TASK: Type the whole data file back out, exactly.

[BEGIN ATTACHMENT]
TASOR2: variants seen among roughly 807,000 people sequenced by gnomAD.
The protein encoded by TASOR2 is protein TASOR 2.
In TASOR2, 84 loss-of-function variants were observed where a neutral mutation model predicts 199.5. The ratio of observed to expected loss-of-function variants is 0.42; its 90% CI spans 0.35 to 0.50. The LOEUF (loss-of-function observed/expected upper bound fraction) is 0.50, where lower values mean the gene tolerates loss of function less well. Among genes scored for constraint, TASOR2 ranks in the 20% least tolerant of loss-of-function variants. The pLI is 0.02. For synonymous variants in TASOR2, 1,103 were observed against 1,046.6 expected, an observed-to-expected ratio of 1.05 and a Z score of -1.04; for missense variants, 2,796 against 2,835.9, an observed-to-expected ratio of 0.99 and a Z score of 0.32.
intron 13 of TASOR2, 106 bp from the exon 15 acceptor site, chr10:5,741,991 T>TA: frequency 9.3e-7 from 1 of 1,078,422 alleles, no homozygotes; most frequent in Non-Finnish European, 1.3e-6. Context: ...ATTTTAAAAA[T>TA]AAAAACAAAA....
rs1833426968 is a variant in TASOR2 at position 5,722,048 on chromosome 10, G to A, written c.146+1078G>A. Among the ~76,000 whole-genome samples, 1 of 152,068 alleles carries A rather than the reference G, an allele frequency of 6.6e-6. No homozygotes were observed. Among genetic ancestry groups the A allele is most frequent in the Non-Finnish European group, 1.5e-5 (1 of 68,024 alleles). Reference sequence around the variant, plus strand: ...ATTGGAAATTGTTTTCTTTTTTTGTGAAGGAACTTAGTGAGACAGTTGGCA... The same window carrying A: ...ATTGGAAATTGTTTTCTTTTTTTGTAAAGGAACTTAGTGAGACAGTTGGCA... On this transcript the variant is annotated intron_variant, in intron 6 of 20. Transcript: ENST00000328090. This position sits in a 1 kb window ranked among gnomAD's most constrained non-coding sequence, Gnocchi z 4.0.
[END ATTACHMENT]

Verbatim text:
TASOR2: variants seen among roughly 807,000 people sequenced by gnomAD.
The protein encoded by TASOR2 is protein TASOR 2.
In TASOR2, 84 loss-of-function variants were observed where a neutral mutation model predicts 199.5. The ratio of observed to expected loss-of-function variants is 0.42; its 90% CI spans 0.35 to 0.50. The LOEUF (loss-of-function observed/expected upper bound fraction) is 0.50, where lower values mean the gene tolerates loss of function less well. Among genes scored for constraint, TASOR2 ranks in the 20% least tolerant of loss-of-function variants. The pLI is 0.02. For synonymous variants in TASOR2, 1,103 were observed against 1,046.6 expected, an observed-to-expected ratio of 1.05 and a Z score of -1.04; for missense variants, 2,796 against 2,835.9, an observed-to-expected ratio of 0.99 and a Z score of 0.32.
intron 13 of TASOR2, 106 bp from the exon 15 acceptor site, chr10:5,741,991 T>TA: frequency 9.3e-7 from 1 of 1,078,422 alleles, no homozygotes; most frequent in Non-Finnish European, 1.3e-6. Context: ...ATTTTAAAAA[T>TA]AAAAACAAAA....
rs1833426968 is a variant in TASOR2 at position 5,722,048 on chromosome 10, G to A, written c.146+1078G>A. Among the ~76,000 whole-genome samples, 1 of 152,068 alleles carries A rather than the reference G, an allele frequency of 6.6e-6. No homozygotes were observed. Among genetic ancestry groups the A allele is most frequent in the Non-Finnish European group, 1.5e-5 (1 of 68,024 alleles). Reference sequence around the variant, plus strand: ...ATTGGAAATTGTTTTCTTTTTTTGTGAAGGAACTTAGTGAGACAGTTGGCA... The same window carrying A: ...ATTGGAAATTGTTTTCTTTTTTTGTAAAGGAACTTAGTGAGACAGTTGGCA... On this transcript the variant is annotated intron_variant, in intron 6 of 20. Transcript: ENST00000328090. This position sits in a 1 kb window ranked among gnomAD's most constrained non-coding sequence, Gnocchi z 4.0.